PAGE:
The Power of Weird: The Story of “I Can’t Believe It’s Not Butter”

In 1979, J.H. Filbert company, based in Baltimore, Maryland, developed a type of spread as a low-cost alternative to butter. They called it “I Can’t Believe It’s Not Butter.”

The inspiration for the name actually came from the husband of a company secretary who tried the product and instantly made the remark that lead to this very distinctive brand name. And when Unilever acquired the spread brand in 1986, they didn’t change the name; they understood the Power of Weird. Today, the spread brand leads the margarine category with product sales of over $240 million.

True brand- and product value comes from differentiation; when the name, design or story of the product are unlike anything out there – when something is weird.

 

Different

Take the milk brand ‘Silk’ for example, a type of soy milk that doesn’t require refrigeration. Sales of Silk tripled when they moved their soy milk cartons among the regular milk cartons in the refrigerated section. People noticed it was different; Milk, milk, milk, not milk.

It worked because when evaluating brands, consumers use their emotions rather than factual information. Like milk, we don’t compare different types of butter based on their nutritional value. We just see a variety of butter brands on the shelf and think ‘butter, butter, butter, not butter.’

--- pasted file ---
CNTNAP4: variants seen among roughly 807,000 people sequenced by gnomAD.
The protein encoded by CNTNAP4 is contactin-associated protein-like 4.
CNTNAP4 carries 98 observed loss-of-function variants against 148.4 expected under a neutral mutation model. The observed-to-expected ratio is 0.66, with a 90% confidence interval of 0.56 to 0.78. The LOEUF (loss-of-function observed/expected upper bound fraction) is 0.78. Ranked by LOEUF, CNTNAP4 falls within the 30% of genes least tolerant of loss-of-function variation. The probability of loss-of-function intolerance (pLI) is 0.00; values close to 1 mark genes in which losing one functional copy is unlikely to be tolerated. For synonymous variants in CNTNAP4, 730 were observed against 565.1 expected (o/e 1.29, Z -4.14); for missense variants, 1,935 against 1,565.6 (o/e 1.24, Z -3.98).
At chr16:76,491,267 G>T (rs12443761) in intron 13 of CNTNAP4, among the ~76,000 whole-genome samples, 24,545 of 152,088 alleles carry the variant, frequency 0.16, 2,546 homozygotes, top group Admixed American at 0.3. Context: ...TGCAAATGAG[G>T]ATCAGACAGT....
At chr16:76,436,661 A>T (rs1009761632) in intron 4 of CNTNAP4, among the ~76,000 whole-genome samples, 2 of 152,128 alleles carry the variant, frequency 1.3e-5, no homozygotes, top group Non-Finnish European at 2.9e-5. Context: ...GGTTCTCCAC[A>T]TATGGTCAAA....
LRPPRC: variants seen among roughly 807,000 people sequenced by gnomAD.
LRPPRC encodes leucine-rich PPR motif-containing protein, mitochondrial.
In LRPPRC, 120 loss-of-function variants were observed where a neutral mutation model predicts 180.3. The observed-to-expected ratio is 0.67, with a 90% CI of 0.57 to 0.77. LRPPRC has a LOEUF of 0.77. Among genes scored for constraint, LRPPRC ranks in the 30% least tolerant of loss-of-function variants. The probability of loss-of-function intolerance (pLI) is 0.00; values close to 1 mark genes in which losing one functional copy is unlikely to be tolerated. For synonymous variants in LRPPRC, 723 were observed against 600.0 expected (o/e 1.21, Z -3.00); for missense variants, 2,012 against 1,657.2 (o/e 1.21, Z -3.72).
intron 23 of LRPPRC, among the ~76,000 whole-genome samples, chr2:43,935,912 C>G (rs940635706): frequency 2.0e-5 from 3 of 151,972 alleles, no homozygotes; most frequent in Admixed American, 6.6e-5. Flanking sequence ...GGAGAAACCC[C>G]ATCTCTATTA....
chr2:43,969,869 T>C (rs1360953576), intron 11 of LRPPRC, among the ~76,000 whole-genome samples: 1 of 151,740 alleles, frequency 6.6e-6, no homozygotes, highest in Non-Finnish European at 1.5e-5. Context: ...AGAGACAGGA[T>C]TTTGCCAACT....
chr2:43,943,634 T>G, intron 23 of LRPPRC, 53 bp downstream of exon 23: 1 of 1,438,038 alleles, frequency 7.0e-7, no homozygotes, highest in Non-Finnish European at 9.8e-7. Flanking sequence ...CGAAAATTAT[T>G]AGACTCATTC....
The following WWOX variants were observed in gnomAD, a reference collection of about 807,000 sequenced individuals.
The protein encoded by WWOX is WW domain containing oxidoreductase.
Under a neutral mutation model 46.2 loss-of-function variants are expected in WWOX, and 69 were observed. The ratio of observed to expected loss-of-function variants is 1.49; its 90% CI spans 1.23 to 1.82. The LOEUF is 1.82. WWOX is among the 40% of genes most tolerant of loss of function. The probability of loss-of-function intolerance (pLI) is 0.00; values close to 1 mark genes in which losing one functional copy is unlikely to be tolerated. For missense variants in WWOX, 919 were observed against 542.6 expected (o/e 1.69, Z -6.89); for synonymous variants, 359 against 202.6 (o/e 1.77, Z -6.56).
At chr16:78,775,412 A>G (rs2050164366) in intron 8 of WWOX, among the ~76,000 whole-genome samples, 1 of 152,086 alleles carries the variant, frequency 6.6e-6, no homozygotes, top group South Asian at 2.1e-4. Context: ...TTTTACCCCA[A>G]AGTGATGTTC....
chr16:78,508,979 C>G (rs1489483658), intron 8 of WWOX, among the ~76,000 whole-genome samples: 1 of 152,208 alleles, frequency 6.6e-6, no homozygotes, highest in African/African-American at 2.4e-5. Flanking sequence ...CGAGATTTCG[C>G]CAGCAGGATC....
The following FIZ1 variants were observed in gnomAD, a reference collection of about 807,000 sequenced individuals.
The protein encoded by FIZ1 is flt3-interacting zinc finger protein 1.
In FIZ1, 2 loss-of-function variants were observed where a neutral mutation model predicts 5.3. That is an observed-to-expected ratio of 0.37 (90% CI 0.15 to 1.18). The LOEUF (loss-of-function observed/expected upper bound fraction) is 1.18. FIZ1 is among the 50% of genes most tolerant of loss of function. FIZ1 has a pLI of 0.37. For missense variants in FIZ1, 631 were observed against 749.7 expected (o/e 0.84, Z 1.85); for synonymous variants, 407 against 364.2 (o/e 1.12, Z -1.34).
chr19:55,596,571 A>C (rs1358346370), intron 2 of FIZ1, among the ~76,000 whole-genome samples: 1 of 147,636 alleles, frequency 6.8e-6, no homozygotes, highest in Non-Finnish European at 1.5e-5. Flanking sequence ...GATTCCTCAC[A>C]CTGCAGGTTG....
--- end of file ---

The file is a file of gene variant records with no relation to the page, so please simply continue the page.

Relevant

Weird alone is not enough, though. Whatever you’re selling needs to be relevant to people. For example, Cards Against Humanity managed to make $180,000 selling boxes of shit. Literally. But that was because they started selling their boxes in protest of Black Friday, making their product (even though it was really weird) really relevant.

 

Demand

Still, what’s weird for one person might make perfect sense to another. You might not be interested in the jars of fresh air that this British couple is selling for $115 a jar, but if you live in a pollution-plagued Chinese city then a jar of fresh air might not be such a bad idea. Weird works, as long as there’s a demand for it.

 

power-of-weird-clean-air

 

Power of Weird

Things that are different get shared, talked about and commented on. If something is unusual it will stand out. Weird gets our attention.

Ad man Rory Sutherland phrased it perfectly in his latest article in The Spectator:

“There are only three infallible rules of advertising. Be distinctive. Make a lot of noise. And try to feature a cute animal somewhere.”

So be distinctive, dare to be different and you’ll quickly discover the Power of Weird.

 

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